Introduction: DIY Keypad Matrix From the Principle of Operation to Implementation

Keypad Matrix !!

Ain't that sounds cool. Well that's a very simple voltage divider using resistors of various values .

Introduction :

Most electronic keyboards used in synthesizers, electronic organs, and digital pianos use a keyboard matrix circuit.

Why keypad matrix??

Without a matrix circuit, a 61-key keyboard would require 62 wires to connect (one for each note, and a ground) — an awkwardly thick bundle of wiring. With a matrix circuit, any of 61 notes can be determined with only 16 wires. This is drawn schematically as a matrix of 8 columns and 8 rows of wires, with a switch at every intersection. The keyboard controller scans the columns. If a key has been pressed, the controller scans the rows — and in a manner analogous to the board game "Battleship!", the controller determines the row-column combination at which a key has been pressed, and generates a note corresponding to that key. This process occurs so quickly that the performer is unaware of any delay

Step 1: Components Required

1. Microswitch

2.100pF Capacitor

3. Digital Multimeter

4.Jumper wires

5. Bread board

6. .25 W resistor of value (in ohms) - 1K, 1.5k, 3.3k, 470, 330, 560, 820

Step 2: How It Works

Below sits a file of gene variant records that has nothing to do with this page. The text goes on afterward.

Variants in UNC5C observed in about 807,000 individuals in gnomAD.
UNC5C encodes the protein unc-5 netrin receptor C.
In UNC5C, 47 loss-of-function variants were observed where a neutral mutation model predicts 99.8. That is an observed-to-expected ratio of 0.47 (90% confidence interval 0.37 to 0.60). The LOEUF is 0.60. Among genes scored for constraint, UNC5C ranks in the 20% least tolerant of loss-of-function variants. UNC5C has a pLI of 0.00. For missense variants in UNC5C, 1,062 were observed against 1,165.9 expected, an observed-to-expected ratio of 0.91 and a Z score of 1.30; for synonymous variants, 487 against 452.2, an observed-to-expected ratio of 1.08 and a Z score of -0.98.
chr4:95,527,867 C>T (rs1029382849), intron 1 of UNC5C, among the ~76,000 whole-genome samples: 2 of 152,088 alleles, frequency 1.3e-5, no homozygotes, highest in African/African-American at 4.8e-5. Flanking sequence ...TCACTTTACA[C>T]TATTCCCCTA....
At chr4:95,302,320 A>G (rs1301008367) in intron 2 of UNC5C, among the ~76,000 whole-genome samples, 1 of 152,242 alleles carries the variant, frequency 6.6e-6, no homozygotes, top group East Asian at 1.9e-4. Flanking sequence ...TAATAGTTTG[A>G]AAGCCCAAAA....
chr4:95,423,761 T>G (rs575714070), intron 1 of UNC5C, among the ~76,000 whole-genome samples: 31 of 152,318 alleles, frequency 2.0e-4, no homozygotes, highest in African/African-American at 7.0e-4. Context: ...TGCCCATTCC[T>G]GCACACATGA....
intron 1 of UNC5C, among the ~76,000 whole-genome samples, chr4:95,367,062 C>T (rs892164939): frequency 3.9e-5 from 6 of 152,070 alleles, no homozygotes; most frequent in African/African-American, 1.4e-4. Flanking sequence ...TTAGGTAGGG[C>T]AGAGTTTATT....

Lets build the circuit step by step and under stand how it works.

Step 1. Building the first column with two rows (2X1 matrix) :

A keypad matrix is actually a voltage divider circuit. A m X n keypad matrix has m rows and n columns . Across the micro switch resistances of different values are connected . In step one in the above figure we observe two resistances R1 and R2 are connected in series and across them the micro switches are connected .The biasing of the switches are shown .

Case 1 depicts the situation when microswitch 1 (M1) is pressed the current makes its way through the battery, R1, M1 and to the ground.

Case 2 depict the situation when M2 is pressed the current makes its way through the battery, R1, R2, M2 to ground.

Note that in each case different configuration of resistors gets connected hence each case is associated with different resistance hence the total current flowing in each circuit configuration is different which is taken in for analog reading.

Step 2. Building the 3X2 matrix

Note I have kept different orders of resistances the ones connected across the first row are of orders of kilo ohms and the ones across the columns are kept smaller the logic behind doing this will become clear when we take up case 1 .NB current flows through least resistive path.

Case 1. When M5 is pressed the current first goes through 470 ohms. 3.3k .Then at this node it thinks which node is providing less resistance since its 560 is less than 1.5k (1500) ohms so it takes that path then its makes its way through 330 and finally 1k

Case 2. When M2 is pressed the current makes it way through 470 , 3.3k .then since a closed switch provides zero resistance so it bypasses 1.5k and makes its way through 1k to the ground .

Then White jumper wire is connected to GND the red is connected to 5V and then the other white jumper besides the GND is fed into the analog input terminal.

Step 3: Program for Arduino

The simple sketch of analog read serial out is used for noting down the analog read outs . Then corresponding to the read values the values are taken for example

M1------------ 592

M2------------ 269

M3------------ 179

M4------------ 247

M5------------ 159

M6------------ 59